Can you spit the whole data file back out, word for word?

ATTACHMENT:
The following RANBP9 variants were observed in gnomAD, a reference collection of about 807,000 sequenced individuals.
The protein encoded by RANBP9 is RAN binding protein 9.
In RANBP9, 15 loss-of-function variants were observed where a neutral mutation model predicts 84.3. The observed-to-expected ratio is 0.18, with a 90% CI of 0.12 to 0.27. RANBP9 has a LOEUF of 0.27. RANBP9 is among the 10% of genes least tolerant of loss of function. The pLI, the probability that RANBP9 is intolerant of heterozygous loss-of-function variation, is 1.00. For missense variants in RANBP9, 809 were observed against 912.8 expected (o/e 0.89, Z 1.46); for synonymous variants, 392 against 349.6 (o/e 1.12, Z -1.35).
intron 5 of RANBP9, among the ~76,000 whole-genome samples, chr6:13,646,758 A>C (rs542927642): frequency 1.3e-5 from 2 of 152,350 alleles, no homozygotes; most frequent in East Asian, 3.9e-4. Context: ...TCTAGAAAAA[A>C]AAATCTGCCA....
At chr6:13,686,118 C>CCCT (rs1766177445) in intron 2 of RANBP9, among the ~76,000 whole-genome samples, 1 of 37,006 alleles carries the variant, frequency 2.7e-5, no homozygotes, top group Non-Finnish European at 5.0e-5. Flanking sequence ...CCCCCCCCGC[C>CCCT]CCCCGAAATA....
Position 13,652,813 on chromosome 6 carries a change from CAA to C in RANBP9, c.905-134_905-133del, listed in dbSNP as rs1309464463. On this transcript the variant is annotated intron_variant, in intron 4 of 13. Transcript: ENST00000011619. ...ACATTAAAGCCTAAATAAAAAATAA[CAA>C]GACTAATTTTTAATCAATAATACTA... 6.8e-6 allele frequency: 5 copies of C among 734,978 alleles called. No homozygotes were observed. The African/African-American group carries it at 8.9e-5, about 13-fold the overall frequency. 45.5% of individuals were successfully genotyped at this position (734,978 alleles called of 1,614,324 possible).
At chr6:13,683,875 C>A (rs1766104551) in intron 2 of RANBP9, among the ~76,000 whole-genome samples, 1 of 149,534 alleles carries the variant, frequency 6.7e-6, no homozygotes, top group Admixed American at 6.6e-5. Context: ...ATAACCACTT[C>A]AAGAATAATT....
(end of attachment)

The following RANBP9 variants were observed in gnomAD, a reference collection of about 807,000 sequenced individuals.
The protein encoded by RANBP9 is RAN binding protein 9.
In RANBP9, 15 loss-of-function variants were observed where a neutral mutation model predicts 84.3. The observed-to-expected ratio is 0.18, with a 90% CI of 0.12 to 0.27. RANBP9 has a LOEUF of 0.27. RANBP9 is among the 10% of genes least tolerant of loss of function. The pLI, the probability that RANBP9 is intolerant of heterozygous loss-of-function variation, is 1.00. For missense variants in RANBP9, 809 were observed against 912.8 expected (o/e 0.89, Z 1.46); for synonymous variants, 392 against 349.6 (o/e 1.12, Z -1.35).
intron 5 of RANBP9, among the ~76,000 whole-genome samples, chr6:13,646,758 A>C (rs542927642): frequency 1.3e-5 from 2 of 152,350 alleles, no homozygotes; most frequent in East Asian, 3.9e-4. Context: ...TCTAGAAAAA[A>C]AAATCTGCCA....
At chr6:13,686,118 C>CCCT (rs1766177445) in intron 2 of RANBP9, among the ~76,000 whole-genome samples, 1 of 37,006 alleles carries the variant, frequency 2.7e-5, no homozygotes, top group Non-Finnish European at 5.0e-5. Flanking sequence ...CCCCCCCCGC[C>CCCT]CCCCGAAATA....
Position 13,652,813 on chromosome 6 carries a change from CAA to C in RANBP9, c.905-134_905-133del, listed in dbSNP as rs1309464463. On this transcript the variant is annotated intron_variant, in intron 4 of 13. Transcript: ENST00000011619. ...ACATTAAAGCCTAAATAAAAAATAA[CAA>C]GACTAATTTTTAATCAATAATACTA... 6.8e-6 allele frequency: 5 copies of C among 734,978 alleles called. No homozygotes were observed. The African/African-American group carries it at 8.9e-5, about 13-fold the overall frequency. 45.5% of individuals were successfully genotyped at this position (734,978 alleles called of 1,614,324 possible).
At chr6:13,683,875 C>A (rs1766104551) in intron 2 of RANBP9, among the ~76,000 whole-genome samples, 1 of 149,534 alleles carries the variant, frequency 6.7e-6, no homozygotes, top group Admixed American at 6.6e-5. Context: ...ATAACCACTT[C>A]AAGAATAATT....